by Marko Riedel
This example is taken from a fractal viewer, where the fractal is stored in an image and the user wishes to select a circular region of the image for the purpose of zooming. It is not difficult to alter this code to select, say, a rectangular region.
The structure of the routine is simple. We override NSView’s mouseDown: method and process mouse-dragged events until we get a mouse-up event. We update the selection every time there is a mouse-dragged event.
We must store two points, namely the start point, and the current point. The start point tells us where the center of the selection lies, and the larger of the two distances (horizontal, vertical) from the current point to the start point defines the radius of the circle being selected.
Both the start and the current point are supposed to be in view coordinates. Hence we must convert them from screen coordinates. We set the previous radius to zero, prepare the start point and are now ready to enter the loop.
The first step is to convert the location of the drag event into the view’s coordinates. We compute the radius next. We must restore the pixels that we altered when we drew the circle in the previous iteration of the loop, and draw the circle for the current radius. So we compute a square whose center lies at the start point and which includes the circle that was drawn. We copy the data from the image over this rectangle, thereby restoring the pixels that we altered.
The next step is to draw a circle centered at the start point and having the new radius. This code actually draws two circles, one black, one white and having a slightly larger radius. This assures that the user sees the circle even if it overlaps with a monochrome (white, black) portion of the image.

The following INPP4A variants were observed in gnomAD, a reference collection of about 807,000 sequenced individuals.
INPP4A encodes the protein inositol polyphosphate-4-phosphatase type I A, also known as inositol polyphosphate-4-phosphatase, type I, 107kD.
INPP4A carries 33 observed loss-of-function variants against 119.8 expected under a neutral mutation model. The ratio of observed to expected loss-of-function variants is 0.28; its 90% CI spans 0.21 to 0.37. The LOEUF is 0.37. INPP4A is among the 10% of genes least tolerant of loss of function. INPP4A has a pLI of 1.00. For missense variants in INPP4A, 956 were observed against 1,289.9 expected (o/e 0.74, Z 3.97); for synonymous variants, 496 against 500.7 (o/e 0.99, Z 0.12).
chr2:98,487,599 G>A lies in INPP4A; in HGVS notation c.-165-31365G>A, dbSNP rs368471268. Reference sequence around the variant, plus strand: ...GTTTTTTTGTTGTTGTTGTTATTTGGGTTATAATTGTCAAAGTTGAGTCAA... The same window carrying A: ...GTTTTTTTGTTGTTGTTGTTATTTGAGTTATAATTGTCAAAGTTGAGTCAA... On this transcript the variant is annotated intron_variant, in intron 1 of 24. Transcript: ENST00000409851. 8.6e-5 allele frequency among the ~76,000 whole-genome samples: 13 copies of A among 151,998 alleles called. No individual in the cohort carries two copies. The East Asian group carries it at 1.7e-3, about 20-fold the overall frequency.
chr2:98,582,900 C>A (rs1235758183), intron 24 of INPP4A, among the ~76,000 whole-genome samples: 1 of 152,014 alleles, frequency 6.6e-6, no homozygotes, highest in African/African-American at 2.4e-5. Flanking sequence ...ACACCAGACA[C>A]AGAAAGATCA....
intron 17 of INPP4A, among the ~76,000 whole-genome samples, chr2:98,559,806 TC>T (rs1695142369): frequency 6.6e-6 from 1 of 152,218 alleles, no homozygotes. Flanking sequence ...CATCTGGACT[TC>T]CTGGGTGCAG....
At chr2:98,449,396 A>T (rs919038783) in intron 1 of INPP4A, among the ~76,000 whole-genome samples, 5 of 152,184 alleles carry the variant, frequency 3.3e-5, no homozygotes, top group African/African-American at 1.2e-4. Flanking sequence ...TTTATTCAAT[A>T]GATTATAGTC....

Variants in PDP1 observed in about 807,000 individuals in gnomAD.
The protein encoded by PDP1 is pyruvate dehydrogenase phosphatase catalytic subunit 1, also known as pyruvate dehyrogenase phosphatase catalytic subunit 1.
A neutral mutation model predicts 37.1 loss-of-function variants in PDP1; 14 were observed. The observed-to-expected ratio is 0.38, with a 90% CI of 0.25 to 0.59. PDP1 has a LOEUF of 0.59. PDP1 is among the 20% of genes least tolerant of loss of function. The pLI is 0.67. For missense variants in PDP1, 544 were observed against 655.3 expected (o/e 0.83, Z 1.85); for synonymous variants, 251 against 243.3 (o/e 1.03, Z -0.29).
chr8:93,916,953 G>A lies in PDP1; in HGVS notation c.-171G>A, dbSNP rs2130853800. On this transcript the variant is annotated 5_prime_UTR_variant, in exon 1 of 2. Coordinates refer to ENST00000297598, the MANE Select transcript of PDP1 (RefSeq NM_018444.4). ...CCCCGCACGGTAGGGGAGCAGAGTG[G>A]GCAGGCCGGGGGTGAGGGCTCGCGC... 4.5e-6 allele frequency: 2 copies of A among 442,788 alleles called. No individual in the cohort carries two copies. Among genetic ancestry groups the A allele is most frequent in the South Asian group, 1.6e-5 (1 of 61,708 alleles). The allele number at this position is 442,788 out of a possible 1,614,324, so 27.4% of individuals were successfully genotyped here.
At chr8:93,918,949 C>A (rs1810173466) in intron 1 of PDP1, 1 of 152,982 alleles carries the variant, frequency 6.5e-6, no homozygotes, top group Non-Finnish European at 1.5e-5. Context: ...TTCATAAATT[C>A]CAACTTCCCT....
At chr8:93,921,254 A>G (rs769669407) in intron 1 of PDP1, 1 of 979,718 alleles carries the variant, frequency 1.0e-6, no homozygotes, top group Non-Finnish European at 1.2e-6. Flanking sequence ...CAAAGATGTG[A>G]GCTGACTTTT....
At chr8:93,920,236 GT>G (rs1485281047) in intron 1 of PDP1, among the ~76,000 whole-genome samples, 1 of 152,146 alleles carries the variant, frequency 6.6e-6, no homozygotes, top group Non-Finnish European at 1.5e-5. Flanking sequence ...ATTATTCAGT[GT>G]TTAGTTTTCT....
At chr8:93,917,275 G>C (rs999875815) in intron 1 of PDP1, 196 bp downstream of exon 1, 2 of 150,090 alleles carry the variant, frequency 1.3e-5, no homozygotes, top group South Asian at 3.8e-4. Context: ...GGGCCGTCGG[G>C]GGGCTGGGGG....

The last step is to flush the data and remember the new radius so that the underlying area can be restored. We process events until we get a mouse-up.
We invoke setNeedsDisplay: so that the selected portion of the image will be displayed after it has been computed by update. We have to compute the coordinates for this to work. Assume that we are working with four values that describe a portion of the complex plane, i.e. real min and max and complex min and max; the variable res contains the width and height of the view. We convert the coordinates of the square centered at the start point into the coordinate system of the unit square, then convert into the coordinates of the square being displayed, which gives us the new square.